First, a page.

Easy Oil Painting Idea for Beginners

If you’re an oil painter looking for a idea to start that will help expand your skills and give you a direction to work in, here's a beginner oil painting assignment that you’ve got to try: painting an egg. Sure, it may not sound as exciting as a realistic portrait or a sweeping landscape, but there’s so much you can get out of taking on an egg as a subject. In this blog post, we’ll give you the details of exactly what this project entails, as well as why you should bother doing it in the first place.

Why Paint an Egg

It’s no secret that eggs aren’t the world’s sexiest subject matter, even as far as still lifes go. But there’s a reason that this is a classic beginning art project. 

First, it’s accessible. Nearly everybody has an egg or twelve in the fridge. 

But, more importantly, painting an egg can be incredibly educational, teaching you about a myriad of foundational art concepts that you’ll have to draw on for as long as your career (or hobby) as an artist continues. 

This includes basic shapes, color, values, and temperatures, how to paint form shadows and cast shadows, how to paint form, and how to paint reflected light. So whether you’re just starting out in oil painting or just want to brush up on your skills, painting an egg is a fantastic opportunity for both learning and practice.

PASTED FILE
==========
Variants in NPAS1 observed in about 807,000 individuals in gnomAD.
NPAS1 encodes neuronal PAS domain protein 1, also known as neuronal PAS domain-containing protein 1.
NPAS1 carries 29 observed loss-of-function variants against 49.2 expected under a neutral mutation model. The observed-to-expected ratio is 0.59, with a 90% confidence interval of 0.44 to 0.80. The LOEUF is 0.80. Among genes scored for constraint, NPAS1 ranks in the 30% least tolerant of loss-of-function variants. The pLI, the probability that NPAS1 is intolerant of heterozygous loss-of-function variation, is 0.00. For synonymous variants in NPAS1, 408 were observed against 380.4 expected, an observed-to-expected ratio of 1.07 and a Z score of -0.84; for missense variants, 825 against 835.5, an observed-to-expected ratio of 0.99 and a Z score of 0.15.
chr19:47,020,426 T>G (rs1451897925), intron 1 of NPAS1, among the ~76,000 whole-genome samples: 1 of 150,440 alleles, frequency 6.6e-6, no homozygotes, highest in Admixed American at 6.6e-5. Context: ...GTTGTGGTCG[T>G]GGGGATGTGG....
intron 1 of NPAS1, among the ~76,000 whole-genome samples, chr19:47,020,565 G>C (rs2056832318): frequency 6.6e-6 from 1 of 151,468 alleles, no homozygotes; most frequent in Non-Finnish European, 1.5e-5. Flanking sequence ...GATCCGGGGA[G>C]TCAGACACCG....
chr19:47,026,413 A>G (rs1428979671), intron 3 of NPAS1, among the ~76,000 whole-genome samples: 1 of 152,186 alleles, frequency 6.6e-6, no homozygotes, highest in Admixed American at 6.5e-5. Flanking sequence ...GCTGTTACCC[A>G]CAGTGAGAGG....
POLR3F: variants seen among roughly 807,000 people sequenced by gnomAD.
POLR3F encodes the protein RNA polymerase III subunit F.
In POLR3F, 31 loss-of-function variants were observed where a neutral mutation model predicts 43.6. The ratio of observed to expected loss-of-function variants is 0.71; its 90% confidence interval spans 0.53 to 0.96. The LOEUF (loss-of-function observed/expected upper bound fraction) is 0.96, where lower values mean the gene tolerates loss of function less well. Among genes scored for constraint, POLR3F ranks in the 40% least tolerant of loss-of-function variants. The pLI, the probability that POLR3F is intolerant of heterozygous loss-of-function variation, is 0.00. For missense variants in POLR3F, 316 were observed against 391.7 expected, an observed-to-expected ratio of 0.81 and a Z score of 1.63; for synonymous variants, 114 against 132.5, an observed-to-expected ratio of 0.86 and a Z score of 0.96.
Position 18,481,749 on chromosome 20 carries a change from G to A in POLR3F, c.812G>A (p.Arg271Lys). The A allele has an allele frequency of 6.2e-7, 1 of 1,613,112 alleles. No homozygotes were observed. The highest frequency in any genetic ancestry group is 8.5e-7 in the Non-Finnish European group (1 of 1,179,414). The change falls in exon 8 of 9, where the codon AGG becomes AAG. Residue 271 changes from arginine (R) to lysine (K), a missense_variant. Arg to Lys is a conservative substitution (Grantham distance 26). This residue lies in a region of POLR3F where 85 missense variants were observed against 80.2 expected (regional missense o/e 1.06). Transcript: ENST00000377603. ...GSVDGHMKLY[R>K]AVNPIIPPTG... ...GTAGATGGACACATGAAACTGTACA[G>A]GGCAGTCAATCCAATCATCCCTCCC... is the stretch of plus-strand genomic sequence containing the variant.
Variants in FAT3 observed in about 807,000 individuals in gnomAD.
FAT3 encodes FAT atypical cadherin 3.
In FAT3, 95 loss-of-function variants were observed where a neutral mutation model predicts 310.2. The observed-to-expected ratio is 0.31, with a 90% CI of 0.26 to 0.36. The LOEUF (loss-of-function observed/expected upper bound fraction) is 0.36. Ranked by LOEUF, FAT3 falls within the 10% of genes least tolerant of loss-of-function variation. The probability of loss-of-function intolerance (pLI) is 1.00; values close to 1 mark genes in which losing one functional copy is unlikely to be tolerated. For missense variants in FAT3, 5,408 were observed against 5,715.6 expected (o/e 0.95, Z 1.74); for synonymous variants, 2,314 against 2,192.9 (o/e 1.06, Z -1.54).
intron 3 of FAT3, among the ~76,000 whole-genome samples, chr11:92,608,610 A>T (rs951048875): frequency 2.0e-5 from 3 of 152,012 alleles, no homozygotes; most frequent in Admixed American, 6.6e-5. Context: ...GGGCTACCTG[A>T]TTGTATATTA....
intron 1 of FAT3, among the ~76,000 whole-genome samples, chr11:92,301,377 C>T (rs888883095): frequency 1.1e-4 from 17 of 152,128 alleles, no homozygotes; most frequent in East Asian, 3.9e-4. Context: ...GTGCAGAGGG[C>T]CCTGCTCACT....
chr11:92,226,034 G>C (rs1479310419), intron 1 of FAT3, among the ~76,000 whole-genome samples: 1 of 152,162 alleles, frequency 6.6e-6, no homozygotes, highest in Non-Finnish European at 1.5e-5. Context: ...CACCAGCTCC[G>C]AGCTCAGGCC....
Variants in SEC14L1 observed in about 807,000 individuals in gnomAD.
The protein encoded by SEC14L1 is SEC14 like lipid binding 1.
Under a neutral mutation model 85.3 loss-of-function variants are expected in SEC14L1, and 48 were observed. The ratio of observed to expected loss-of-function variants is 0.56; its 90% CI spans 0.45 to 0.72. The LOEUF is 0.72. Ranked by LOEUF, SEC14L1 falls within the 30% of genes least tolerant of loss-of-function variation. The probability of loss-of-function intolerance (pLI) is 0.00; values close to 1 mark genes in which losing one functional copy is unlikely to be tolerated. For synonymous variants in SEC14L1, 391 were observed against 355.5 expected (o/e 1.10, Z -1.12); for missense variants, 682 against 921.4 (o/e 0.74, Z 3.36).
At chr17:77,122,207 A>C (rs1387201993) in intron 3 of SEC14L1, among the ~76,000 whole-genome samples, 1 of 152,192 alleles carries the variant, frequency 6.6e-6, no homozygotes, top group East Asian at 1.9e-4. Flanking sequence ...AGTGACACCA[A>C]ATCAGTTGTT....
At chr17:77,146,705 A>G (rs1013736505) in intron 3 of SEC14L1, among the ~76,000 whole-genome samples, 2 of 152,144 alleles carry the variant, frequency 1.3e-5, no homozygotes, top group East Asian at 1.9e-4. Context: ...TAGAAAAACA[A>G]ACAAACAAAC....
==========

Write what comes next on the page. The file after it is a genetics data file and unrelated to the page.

How to Paint an Egg

When it comes to this painting idea, simplicity is the name of the game. You want to lean into the beauty of keeping things straightforward and plain. This is the principle that you should keep in mind to guide you through every step of this project.

Step One: Start with a Simple Color Palette

One of the advantages of painting an egg is that you don’t have to go out and buy paints in every color of the rainbow. In fact, you can stick with just a simple palette of:

  • Black
  • White
  • Warm red
  • Cool red
  • Warm green 
  • Cool green
  • Warm blue
  • Cool blue

From there, you can mix any other color that you could possibly need. Would it potentially be easier to go wild in the art store and just buy dozens of different colors? Sure, maybe. But as a beginning artist, simplicity is key. Why? Because constraints are a beautiful thing. They force you to get creative and find solutions. There’s no better way to learn and grow. Often, you’ll find that being limited in some way - whether with time, supplies, or subject matter - will allow you to be far more creative and inventive than having every choice in the world.

Step Two: Placement

Place your egg on a piece of white paper or a black cloth and light it with a direct light source, like a desk lamp. 

Step Three: Paint, Focusing on Light and Shadow

To make your egg look three-dimensional, your goal will be to capture the light on its form. You’ll do so by paying special attention to light and shadow. The edge, where the form transitions from light to shadow, is called the terminator.